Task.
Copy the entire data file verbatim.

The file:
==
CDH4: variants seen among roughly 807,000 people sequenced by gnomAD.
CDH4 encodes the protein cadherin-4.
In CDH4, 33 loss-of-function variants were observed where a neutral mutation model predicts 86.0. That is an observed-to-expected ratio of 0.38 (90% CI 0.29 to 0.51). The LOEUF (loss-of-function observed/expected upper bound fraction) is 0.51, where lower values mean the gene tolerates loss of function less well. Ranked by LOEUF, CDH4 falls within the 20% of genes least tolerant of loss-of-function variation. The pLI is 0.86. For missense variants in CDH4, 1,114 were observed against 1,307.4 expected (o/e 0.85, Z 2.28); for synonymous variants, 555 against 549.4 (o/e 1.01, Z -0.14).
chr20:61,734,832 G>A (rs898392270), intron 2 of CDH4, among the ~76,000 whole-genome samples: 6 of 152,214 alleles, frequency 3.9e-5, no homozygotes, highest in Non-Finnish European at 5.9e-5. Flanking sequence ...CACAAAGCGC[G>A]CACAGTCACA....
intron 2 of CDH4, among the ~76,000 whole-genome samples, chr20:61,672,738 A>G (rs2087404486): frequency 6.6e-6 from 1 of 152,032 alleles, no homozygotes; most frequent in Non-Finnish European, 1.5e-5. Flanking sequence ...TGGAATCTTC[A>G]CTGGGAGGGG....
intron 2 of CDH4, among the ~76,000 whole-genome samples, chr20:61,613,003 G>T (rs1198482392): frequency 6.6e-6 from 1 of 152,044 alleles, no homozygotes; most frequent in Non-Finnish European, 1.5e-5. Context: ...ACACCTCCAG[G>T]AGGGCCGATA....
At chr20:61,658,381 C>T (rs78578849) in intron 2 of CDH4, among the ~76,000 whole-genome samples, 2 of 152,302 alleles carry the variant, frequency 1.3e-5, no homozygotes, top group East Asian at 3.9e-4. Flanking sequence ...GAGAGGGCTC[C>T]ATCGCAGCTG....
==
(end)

CDH4: variants seen among roughly 807,000 people sequenced by gnomAD.
CDH4 encodes the protein cadherin-4.
In CDH4, 33 loss-of-function variants were observed where a neutral mutation model predicts 86.0. That is an observed-to-expected ratio of 0.38 (90% CI 0.29 to 0.51). The LOEUF (loss-of-function observed/expected upper bound fraction) is 0.51, where lower values mean the gene tolerates loss of function less well. Ranked by LOEUF, CDH4 falls within the 20% of genes least tolerant of loss-of-function variation. The pLI is 0.86. For missense variants in CDH4, 1,114 were observed against 1,307.4 expected (o/e 0.85, Z 2.28); for synonymous variants, 555 against 549.4 (o/e 1.01, Z -0.14).
chr20:61,734,832 G>A (rs898392270), intron 2 of CDH4, among the ~76,000 whole-genome samples: 6 of 152,214 alleles, frequency 3.9e-5, no homozygotes, highest in Non-Finnish European at 5.9e-5. Flanking sequence ...CACAAAGCGC[G>A]CACAGTCACA....
intron 2 of CDH4, among the ~76,000 whole-genome samples, chr20:61,672,738 A>G (rs2087404486): frequency 6.6e-6 from 1 of 152,032 alleles, no homozygotes; most frequent in Non-Finnish European, 1.5e-5. Flanking sequence ...TGGAATCTTC[A>G]CTGGGAGGGG....
intron 2 of CDH4, among the ~76,000 whole-genome samples, chr20:61,613,003 G>T (rs1198482392): frequency 6.6e-6 from 1 of 152,044 alleles, no homozygotes; most frequent in Non-Finnish European, 1.5e-5. Context: ...ACACCTCCAG[G>T]AGGGCCGATA....
At chr20:61,658,381 C>T (rs78578849) in intron 2 of CDH4, among the ~76,000 whole-genome samples, 2 of 152,302 alleles carry the variant, frequency 1.3e-5, no homozygotes, top group East Asian at 3.9e-4. Flanking sequence ...GAGAGGGCTC[C>T]ATCGCAGCTG....